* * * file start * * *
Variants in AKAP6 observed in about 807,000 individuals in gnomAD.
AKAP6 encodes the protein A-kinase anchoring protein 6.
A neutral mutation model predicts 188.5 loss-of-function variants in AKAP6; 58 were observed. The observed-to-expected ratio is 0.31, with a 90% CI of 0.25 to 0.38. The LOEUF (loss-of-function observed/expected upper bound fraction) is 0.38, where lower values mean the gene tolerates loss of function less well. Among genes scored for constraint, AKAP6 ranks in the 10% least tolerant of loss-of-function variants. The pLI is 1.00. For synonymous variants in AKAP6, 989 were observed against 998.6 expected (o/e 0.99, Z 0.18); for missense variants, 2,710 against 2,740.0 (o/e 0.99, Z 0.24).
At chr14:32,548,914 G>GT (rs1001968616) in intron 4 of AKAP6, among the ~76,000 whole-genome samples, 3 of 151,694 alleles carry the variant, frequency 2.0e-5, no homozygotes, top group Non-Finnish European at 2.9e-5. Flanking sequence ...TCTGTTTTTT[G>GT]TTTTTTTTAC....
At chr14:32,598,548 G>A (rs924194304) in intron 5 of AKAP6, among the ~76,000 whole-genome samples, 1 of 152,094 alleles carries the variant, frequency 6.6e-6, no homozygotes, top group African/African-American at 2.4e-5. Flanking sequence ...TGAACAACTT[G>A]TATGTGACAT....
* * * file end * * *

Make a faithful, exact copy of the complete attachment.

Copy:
Variants in AKAP6 observed in about 807,000 individuals in gnomAD.
AKAP6 encodes the protein A-kinase anchoring protein 6.
A neutral mutation model predicts 188.5 loss-of-function variants in AKAP6; 58 were observed. The observed-to-expected ratio is 0.31, with a 90% CI of 0.25 to 0.38. The LOEUF (loss-of-function observed/expected upper bound fraction) is 0.38, where lower values mean the gene tolerates loss of function less well. Among genes scored for constraint, AKAP6 ranks in the 10% least tolerant of loss-of-function variants. The pLI is 1.00. For synonymous variants in AKAP6, 989 were observed against 998.6 expected (o/e 0.99, Z 0.18); for missense variants, 2,710 against 2,740.0 (o/e 0.99, Z 0.24).
At chr14:32,548,914 G>GT (rs1001968616) in intron 4 of AKAP6, among the ~76,000 whole-genome samples, 3 of 151,694 alleles carry the variant, frequency 2.0e-5, no homozygotes, top group Non-Finnish European at 2.9e-5. Flanking sequence ...TCTGTTTTTT[G>GT]TTTTTTTTAC....
At chr14:32,598,548 G>A (rs924194304) in intron 5 of AKAP6, among the ~76,000 whole-genome samples, 1 of 152,094 alleles carries the variant, frequency 6.6e-6, no homozygotes, top group African/African-American at 2.4e-5. Flanking sequence ...TGAACAACTT[G>A]TATGTGACAT....